Spectacular! Pigs are smart and can sense behavior change in their handlers. When you become excited or in a hurry, your show pig may sense it and become scared which can cause it to try to run away.
That's not correct. Pigs are smart animals and can sense behavior change in their handlers. When you become excited or in a hurry, your show pig may sense it, become scared, and try to run away. When you don't have control of your pig it can be unsafe for you, the pig, or other exhibitors.
7 Practicing show day activities at home and again at the show will help you and your show pig.
Yes, you were really paying attention! Your show pig will be much more comfortable doing activities it has practiced before and it will be less likely to be scared of the show ring if it's been in there before the show.
Not! Your show pig will be much more comfortable doing activities it has practiced before and it will be less likely to be scared of the show ring if it's been in there before the show. Practice driving the pig to the show ring; driving in the ring using your show cane, stick, or whip; driving the pig back to its pen; driving the pig through gates; and washing and clipping it.
8 Neat and tidy buildings, alleys, and pens help keep you and your show pig safe.
Exceptional job! Slips, trips, and falls cause many injuries when working with livestock. When livestock working areas are neat and tidy, there's less chance someone will get hurt.
Sorry, that's just not correct. Keeping buildings, alleys, and pens neat and tidy helps prevent accidental injury. Remember: Slips, trips, and falls cause many injuries when working with livestock. Make sure you have a place to put all your supplies, equipment, and feed and keep all of those items in their proper place. Clean up spills as soon as they happen. Don't allow manure or feed to accumulate in alleyways.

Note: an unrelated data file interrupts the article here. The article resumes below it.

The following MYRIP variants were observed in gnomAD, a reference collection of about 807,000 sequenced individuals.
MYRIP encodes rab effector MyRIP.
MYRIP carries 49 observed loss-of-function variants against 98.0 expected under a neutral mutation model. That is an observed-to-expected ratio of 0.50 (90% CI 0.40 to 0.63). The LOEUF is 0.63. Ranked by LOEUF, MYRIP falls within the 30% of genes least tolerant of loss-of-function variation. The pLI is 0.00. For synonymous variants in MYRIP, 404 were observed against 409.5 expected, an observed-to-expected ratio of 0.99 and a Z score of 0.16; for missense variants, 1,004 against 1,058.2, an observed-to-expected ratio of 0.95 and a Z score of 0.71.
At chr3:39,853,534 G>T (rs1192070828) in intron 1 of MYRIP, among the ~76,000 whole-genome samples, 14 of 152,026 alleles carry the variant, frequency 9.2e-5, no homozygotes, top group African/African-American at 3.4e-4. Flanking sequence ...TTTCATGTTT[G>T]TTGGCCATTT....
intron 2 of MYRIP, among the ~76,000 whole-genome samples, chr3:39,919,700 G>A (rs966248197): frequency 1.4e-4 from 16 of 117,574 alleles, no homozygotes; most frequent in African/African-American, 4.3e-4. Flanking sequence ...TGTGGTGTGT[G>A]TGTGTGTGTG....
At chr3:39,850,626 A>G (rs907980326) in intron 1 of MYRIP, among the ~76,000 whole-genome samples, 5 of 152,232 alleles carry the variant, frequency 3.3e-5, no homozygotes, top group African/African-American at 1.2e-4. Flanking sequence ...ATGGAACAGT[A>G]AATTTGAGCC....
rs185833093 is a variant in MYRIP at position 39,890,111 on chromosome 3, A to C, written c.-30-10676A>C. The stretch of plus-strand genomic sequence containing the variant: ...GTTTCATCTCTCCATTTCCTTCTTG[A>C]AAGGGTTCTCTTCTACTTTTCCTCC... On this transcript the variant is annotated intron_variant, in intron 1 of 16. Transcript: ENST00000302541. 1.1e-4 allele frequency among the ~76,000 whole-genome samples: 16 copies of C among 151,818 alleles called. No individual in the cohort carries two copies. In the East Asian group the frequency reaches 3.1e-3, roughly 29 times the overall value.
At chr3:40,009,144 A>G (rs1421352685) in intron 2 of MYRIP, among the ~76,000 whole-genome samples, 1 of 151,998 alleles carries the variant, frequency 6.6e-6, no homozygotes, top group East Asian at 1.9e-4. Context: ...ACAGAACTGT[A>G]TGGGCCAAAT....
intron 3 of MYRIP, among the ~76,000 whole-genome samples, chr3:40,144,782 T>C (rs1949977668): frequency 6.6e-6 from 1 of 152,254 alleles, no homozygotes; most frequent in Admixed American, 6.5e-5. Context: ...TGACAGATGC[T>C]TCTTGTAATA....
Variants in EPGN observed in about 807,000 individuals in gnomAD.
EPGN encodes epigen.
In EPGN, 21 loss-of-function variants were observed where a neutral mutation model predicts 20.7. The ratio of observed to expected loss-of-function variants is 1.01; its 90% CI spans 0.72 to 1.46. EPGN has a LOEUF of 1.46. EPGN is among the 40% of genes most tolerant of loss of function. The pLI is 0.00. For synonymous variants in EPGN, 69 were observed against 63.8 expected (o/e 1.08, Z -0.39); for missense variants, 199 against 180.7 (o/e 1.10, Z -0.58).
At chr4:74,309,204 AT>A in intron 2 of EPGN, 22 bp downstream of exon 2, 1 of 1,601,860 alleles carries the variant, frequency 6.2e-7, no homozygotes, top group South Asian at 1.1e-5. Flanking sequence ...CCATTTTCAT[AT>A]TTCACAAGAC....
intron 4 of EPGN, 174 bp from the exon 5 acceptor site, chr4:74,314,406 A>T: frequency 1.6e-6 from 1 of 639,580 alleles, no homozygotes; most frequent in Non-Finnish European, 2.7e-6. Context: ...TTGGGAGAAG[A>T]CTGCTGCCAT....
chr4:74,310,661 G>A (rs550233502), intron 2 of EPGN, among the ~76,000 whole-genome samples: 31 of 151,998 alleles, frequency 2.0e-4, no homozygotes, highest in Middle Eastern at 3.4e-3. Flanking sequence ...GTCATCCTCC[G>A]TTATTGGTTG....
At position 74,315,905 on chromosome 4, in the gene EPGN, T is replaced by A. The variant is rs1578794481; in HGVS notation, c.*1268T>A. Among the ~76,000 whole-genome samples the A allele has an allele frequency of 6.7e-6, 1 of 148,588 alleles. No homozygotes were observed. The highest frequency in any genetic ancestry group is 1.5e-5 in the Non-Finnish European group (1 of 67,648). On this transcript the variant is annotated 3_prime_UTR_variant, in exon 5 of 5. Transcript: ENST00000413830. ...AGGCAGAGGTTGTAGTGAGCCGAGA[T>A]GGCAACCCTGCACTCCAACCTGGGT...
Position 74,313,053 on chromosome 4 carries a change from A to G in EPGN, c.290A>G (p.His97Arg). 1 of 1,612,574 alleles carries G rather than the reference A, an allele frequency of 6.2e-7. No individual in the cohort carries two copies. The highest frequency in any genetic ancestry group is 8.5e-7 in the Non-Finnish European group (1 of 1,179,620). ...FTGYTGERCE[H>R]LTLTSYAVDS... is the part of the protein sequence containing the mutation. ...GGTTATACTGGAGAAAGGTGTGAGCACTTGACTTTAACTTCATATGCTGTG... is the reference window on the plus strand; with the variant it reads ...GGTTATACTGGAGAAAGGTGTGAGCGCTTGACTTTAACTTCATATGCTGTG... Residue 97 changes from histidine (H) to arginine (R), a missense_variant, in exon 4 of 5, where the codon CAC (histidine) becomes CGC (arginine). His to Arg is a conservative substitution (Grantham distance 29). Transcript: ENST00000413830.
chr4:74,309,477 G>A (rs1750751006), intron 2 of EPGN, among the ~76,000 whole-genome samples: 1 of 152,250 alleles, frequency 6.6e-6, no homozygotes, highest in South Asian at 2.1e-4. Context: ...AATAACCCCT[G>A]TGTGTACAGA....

8 Neat and tidy buildings, alleys, and pens help keep you and your show pig safe.
Exceptional job! Slips, trips, and falls cause many injuries when working with livestock. When livestock working areas are neat and tidy, there's less chance someone will get hurt.
Sorry, that's just not correct. Keeping buildings, alleys, and pens neat and tidy helps prevent accidental injury. Remember: Slips, trips, and falls cause many injuries when working with livestock. Make sure you have a place to put all your supplies, equipment, and feed and keep all of those items in their proper place. Clean up spills as soon as they happen. Don't allow manure or feed to accumulate in alleyways.
9 When using electrical equipment, use only power outlets with three-pronged receptacles; and outdoor receptacles should be waterproof and have ground fault circuit interrupters.
Brilliant! Three-pronged receptacles provide important grounding of electrical current and ground fault circuit interrupters will cut off the supply of electricity to protect you and your show animal from electric shock.
That's not the right answer. Be very careful using electric equipment. Three-pronged receptacles provide important grounding of electrical current and ground fault circuit interrupter outlet will cut off the supply of electricity to protect you and your show animal from electric shock, which is especially important when the floor where you are working may be wet.
10 It's a good idea to keep a first aid kit in your show box and in the barn.
Well Done! Most injury incidents involving livestock are minor bumps, bruises, cuts or scrapes. Everyone should learn basic first aid and keep a first aid kit in your show box and in the barn or an out building where you stall your show pig.
Better think on that one some more. Most injury incidents involving livestock are minor bumps, bruises, cuts or scrapes. Everyone should learn basic first aid and keep a first aid kit in your show box and in the barn or building where you stall your show pig.